Doreen’s Rebellion Against Social Norms in The Bell Jar By Sylvia Plath

In The Bell Jar by Sylvia Plath, the protagonist, Esther Greenwood, gets accepted to a summer internship at a prominent magazine in New York City. There, she meets Doreen, her co-worker. Esther is different from her. Doreen goes against the boundaries that society pushes Esther and the other girls to follow. She is scandalous and adventurous in her sexual behaviour, she does not listen to or follow authority, and she is the total opposite of Betsy, Esther’s co-worker. Esther admires her but is too afraid to fully embrace her and be like her since Esther is scared of the consequences she might face. In the story of The Bell Jar, Doreen represents the possibility of rebellion against social norms in 1950s America without facing the consequences that Esther fears, this may influence Esther to rebel against the society too.

Doreen ignores the society’s rule for women regarding sexual purity. Due to Doreen’s promiscuous behavior, Esther is attracted to her. When Esther is a good girl, she feels miserable and bored of her life. Therefore, when she sees Doreen behave this way, Esther is envious. Esther wants to feel free as Doreen. Because of this Esther follows Doreen and go to a strange man’s apartment. This would be considered quite risqué at the time. Esther also rejects Betsy’s offer to share a cab in order to go with Doreen. On their way to a party, both of the girls meet Lenny who convinces the girls to abandon the cab and join him and his friends in a bar. In the bar, Lenny and Doreen openly flirt with each other. The journey of flirtation continuous at Lenny’s apartment This happens in the story when Esther states:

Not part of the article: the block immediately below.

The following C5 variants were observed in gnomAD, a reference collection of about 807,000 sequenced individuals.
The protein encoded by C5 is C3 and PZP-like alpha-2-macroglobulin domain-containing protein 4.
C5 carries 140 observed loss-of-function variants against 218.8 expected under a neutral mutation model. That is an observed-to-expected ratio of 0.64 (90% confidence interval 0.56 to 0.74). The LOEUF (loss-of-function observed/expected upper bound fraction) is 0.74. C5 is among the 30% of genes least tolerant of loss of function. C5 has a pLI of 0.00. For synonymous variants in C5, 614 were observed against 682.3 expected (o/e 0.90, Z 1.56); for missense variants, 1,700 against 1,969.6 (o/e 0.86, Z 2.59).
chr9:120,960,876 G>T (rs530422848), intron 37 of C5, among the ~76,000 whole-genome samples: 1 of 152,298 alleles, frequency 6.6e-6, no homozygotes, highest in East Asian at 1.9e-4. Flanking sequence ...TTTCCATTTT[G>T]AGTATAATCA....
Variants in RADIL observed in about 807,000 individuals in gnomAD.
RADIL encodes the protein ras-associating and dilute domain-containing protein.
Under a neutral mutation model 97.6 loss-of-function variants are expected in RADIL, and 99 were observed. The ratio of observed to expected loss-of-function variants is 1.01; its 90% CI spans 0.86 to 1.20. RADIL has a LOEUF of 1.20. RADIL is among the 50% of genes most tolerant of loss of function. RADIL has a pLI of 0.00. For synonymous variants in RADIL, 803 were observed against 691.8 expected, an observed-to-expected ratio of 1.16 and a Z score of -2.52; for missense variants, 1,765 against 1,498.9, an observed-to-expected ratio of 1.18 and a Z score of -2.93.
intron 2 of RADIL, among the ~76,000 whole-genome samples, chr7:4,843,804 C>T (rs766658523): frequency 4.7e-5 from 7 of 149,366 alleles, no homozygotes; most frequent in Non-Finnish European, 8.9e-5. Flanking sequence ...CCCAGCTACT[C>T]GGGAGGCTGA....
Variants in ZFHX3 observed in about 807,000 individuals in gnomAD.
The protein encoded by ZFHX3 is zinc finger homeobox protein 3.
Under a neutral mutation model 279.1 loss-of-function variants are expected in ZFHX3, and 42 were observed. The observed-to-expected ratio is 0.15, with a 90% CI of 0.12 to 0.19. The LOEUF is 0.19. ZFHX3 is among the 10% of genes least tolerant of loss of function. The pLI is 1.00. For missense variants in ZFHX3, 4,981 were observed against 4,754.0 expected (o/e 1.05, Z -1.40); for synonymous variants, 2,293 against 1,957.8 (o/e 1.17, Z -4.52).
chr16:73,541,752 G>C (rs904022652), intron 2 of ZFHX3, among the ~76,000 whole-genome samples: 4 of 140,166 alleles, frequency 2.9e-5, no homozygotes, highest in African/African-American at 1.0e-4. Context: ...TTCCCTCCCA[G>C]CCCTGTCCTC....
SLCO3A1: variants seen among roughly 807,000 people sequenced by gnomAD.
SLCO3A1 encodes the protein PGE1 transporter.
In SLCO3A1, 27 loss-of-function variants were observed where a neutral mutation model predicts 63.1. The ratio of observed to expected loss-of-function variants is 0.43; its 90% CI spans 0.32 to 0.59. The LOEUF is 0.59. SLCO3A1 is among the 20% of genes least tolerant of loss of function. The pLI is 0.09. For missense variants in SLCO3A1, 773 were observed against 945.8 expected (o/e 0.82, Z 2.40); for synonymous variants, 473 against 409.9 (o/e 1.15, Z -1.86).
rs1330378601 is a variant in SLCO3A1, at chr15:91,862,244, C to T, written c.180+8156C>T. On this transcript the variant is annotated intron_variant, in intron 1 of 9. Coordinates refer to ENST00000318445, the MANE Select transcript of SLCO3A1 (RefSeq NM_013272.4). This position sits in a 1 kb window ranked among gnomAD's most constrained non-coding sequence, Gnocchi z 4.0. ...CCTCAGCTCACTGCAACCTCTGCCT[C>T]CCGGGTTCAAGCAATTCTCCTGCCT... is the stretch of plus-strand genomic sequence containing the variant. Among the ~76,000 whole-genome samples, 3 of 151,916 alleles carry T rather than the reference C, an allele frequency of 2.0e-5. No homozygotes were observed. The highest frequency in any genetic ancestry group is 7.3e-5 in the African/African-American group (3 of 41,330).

I noted, in the routine way you notice the color of somebody’s eyes, that Doreen’s breasts had popped out of her dress and were swinging out slightly like full brown melons as she circled belly-down on Lenny’s shoulder, thrashing her legs in the air and screeching, and then they both started to laugh and slow up, and Lenny was trying to bite Doreen’s hip through her skirt when I let myself out the door before anything more could happen and managed to get downstairs by leaning with both hands on the banister and half sliding the whole way (Plath 16).

Doreen does not care how Esther or other people view her. Doreen knows the problem of their society and is able to acknowledge it and go against it and this attracts Esther. Later, Esther left Doreen and Lenny feeling she is separated from rest of the world. She feels numb as if the city is not there. She may have been feeling overwhelmed by seeing their interactions since she believes in sex after marriage. She tries to fix this feeling by taking a hot bath and purifying herself. Doreen has no problem having sex with Lenny before marriage, illustrating the level of Doreen’s rebellion.